Thursday, February 19, 2009

Roubini On Laissez-Faire

Nouriel Roubini:

"To paraphrase Churchill, capitalist market economies open to trade and financial flows may be the worst economic regime--apart from the alternatives. However, while this crisis does not imply the end of market-economy capitalism, it has shown the failure of a particular model of capitalism. Namely, the laissez-faire, unregulated (or aggressively deregulated), Wild West model of free market capitalism with lack of prudential regulation, supervision of financial markets and proper provision of public goods by governments."

Oh, yeah, Roubini clearly has a point. It was clearly a big mistake to let Bush cut government spending by 90%. And it was a big blunder to let him repeal the Community Reinvestment Act and to abolish "government sponsored enterprises" Fannie Mae and Freddie Mac. Not to mention what a big mistake it was to abolish the Fed and replace it with a pure gold standard, something which prevented government from lowering interest rates to 1% after the end of the tech stock bubble. And did I mention that Bush also stopped federal subsidies to housing? If it hadn't been for those laissez-faire policies, clearly the housing bubble and the ensuing crisis would have been averted.


Blogger Ke said...

I hate how he stigmatized lassez-faire capitalism as the primitive "wild west" methodology. This type of propaganda has caused millions of young Americans to completely missed the real problems at hand and instead use lassez-faire capitalism and Republicans as scapegoats. What abhors me even more is that most of these young Americans won't give any time of their day to do research to find out the truth as if they're in a fanatical religious cult. Well, what else can you expect when there are flocks of history professors teaching us that the New Deal was a success and FDR was a messiah-like hero?

7:07 PM  
Anonymous Anonymous said...


7:08 PM  
OpenID JSC said...

Roubini, like Obama fail to see their short-term views on the economy and economic policy. How fundamental fallacies escape people of their stature boggle the mind.

9:02 PM  
Anonymous Anonymous said...

Something good may come out of this crisis. I belive and hope that Austrian school of economics will strengthen it´s position in the public debate.

12:34 PM  
Anonymous Bruce said...


The myth that GWB was a small government free-market guy is apparently still strong.

2:26 PM  
Anonymous Anonymous said...

Your sarcasm proves the absurdity of Mr. Roubini's comments.

4:12 PM  
Anonymous Anonymous said...

Roubini is either clueless, playing semantical games unprudently using terminology or just plain evil, either by advancing his own mental interests of being the 'great' intellectual or by advancing the interests of his political idols. But the reality will probably be that it's all of the above in some degree.

- Arend

5:32 PM  
Anonymous Anonymous said...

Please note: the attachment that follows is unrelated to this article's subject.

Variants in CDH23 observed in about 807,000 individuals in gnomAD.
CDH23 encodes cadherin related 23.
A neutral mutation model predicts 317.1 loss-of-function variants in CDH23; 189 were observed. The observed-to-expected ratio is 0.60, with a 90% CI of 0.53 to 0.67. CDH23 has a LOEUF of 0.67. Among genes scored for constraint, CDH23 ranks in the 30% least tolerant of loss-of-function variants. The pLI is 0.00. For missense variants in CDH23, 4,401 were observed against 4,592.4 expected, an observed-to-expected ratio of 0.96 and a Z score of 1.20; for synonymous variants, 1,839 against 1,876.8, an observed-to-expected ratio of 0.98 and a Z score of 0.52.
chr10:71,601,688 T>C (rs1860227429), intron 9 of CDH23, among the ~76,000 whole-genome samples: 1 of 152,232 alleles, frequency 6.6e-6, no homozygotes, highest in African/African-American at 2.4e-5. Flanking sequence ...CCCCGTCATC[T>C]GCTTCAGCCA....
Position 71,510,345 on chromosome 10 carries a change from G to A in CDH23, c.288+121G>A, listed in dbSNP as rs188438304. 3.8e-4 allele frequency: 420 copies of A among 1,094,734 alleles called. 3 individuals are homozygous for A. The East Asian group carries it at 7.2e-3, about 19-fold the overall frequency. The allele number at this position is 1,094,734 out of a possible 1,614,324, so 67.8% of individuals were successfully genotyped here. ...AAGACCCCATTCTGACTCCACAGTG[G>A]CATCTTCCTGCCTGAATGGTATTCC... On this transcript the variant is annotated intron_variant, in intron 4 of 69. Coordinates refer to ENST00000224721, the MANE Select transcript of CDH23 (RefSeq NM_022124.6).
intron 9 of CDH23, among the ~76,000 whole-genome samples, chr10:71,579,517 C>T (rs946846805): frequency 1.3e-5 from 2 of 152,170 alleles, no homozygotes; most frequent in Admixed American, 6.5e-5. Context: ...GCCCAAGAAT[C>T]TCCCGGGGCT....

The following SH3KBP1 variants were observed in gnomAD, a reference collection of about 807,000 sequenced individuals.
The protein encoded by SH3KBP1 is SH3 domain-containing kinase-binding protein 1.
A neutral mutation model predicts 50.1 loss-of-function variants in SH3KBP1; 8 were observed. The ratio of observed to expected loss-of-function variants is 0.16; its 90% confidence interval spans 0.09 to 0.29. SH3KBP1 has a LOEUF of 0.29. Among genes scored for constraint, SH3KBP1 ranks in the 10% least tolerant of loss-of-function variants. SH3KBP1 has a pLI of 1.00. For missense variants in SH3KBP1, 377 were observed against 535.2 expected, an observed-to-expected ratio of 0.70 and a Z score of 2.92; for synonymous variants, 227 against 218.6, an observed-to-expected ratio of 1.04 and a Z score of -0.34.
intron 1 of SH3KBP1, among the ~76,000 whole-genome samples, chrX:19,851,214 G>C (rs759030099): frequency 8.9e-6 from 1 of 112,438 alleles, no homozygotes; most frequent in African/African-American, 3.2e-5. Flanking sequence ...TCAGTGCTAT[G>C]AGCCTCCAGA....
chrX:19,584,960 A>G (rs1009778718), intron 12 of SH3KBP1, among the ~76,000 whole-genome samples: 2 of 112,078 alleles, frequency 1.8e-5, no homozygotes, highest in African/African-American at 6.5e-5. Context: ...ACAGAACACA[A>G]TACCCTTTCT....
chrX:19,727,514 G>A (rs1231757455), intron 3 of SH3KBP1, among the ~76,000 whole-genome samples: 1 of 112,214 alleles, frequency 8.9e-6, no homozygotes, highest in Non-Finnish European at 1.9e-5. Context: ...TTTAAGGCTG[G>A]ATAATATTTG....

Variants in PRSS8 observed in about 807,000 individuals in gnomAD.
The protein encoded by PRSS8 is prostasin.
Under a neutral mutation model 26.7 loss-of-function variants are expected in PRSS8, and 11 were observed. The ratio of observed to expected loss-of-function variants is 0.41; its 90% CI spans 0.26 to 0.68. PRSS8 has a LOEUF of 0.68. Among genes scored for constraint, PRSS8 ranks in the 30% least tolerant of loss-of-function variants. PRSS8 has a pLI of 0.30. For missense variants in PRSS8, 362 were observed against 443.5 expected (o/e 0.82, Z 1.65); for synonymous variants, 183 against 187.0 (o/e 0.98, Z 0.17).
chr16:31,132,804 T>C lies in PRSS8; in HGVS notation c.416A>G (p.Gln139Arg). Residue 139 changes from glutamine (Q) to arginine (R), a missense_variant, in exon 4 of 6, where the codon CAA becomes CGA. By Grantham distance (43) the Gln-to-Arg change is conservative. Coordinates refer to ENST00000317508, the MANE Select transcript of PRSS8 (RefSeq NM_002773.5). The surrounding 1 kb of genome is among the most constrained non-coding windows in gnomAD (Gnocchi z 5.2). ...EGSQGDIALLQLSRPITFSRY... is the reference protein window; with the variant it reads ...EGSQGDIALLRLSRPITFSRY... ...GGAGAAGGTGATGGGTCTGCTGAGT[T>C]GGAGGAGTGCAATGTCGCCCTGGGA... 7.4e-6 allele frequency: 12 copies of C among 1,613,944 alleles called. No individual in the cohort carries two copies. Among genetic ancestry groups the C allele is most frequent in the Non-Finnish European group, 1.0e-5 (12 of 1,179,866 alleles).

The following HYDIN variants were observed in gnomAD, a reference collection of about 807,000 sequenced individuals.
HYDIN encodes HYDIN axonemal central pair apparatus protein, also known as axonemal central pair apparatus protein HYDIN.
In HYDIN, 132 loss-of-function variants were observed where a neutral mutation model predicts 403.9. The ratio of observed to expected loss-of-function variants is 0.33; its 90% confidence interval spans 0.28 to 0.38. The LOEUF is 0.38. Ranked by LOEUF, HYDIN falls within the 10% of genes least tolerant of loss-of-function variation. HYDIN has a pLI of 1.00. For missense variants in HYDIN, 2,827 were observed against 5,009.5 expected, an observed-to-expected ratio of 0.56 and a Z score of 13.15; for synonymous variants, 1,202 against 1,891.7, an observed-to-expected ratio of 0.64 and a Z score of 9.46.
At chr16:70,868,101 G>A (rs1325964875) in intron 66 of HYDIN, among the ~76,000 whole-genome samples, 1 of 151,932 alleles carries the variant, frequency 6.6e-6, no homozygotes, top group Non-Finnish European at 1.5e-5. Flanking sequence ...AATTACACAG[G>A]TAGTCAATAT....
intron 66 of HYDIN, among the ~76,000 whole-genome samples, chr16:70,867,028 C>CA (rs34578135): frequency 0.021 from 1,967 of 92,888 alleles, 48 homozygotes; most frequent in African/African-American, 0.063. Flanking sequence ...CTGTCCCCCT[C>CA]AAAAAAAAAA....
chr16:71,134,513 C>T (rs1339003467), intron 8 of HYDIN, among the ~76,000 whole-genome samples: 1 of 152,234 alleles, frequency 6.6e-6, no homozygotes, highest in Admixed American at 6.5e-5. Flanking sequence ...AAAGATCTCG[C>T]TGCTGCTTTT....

Another way to characterize the implications of what Roubini is saying is that anything that is not full-blown slavery and or fascism/socialism is laissez-faire capitalism. This piecemeal characteriszation of laissez-faire is contradictory to any reasonable definition of laissez-faire. Laissez-faire doesn't come in degrees, it either is LF of it isn't.

Roubini is expressing a great amount of intellectual dishonesty, which by his own standards isn't of course true. I'm more and more seeing that intellectuals defending government social engineering solutions to government social engineering clusterfucks are actually by their expression of their instrumental opinion into the social engineering business as well; because the truth may 'backfire'. Yeah right...


5:38 PM  
Blogger Celal Birader said...

Donald Rumsfeld once said "we go to war not with the army we wish we had but with the army we have".

When we come out of the womb crying we don't come out into the world we wish we had but the one we have -- with all of its Central Banks etc.

To be fair to Roubini, and you can hear him say it yourself HERE , he understands "stimulus" is going to be a burden on future generations and he also recognises the threat of hyper-inflation.

Fractional banking is what made modern capitalism possible : watching THIS VIDEO is time well spent in my opinion. From it you can see how it enabled man to exploit the natural resources of this world to the extent he has.

Hence, there may an ecological argument against fractional banking but perhaps not necessarily an economic one which is as persuasive.

Sure there will be bubbles and there will collapses. (Mandelbrot and other mathematicians indicate these cannot be avoided under any system, as far as i can make out these things).

What is an open question is how far can de-leveraging can be allowed to happen as people like Faber and Rogers would like to see without leaving everybody in some primitive stone age king of existence ?

8:10 PM  
Blogger stefankarlsson said...

Celal, when the Rogers-Faber solution was tried by President Harding in 1921, strong growth and not "primitive stone age" was what followed.

10:00 PM  
Blogger Celal Birader said...

1921 ? That was before the Great Depression wasn't it ? My feeling is that we are currently analogous to a situation like the Great Depression. i.e. we've had our "roaring 20's" of credit expansion and now we face something analogous to 1930-33. (BTW, i have purchased Rothbard's book and plan to read it at the earliest opportunity). That is the context in which i make my comment re Faber/Rogers de-leveraging.

10:04 AM  
Blogger stefankarlsson said...

In 1930-33, Rogers' solutions weren't applied. Instead, Herbert Hoover pursued policies more similar to Obama's, as you will see when you read Rothbard's book on the subject.

10:48 PM  

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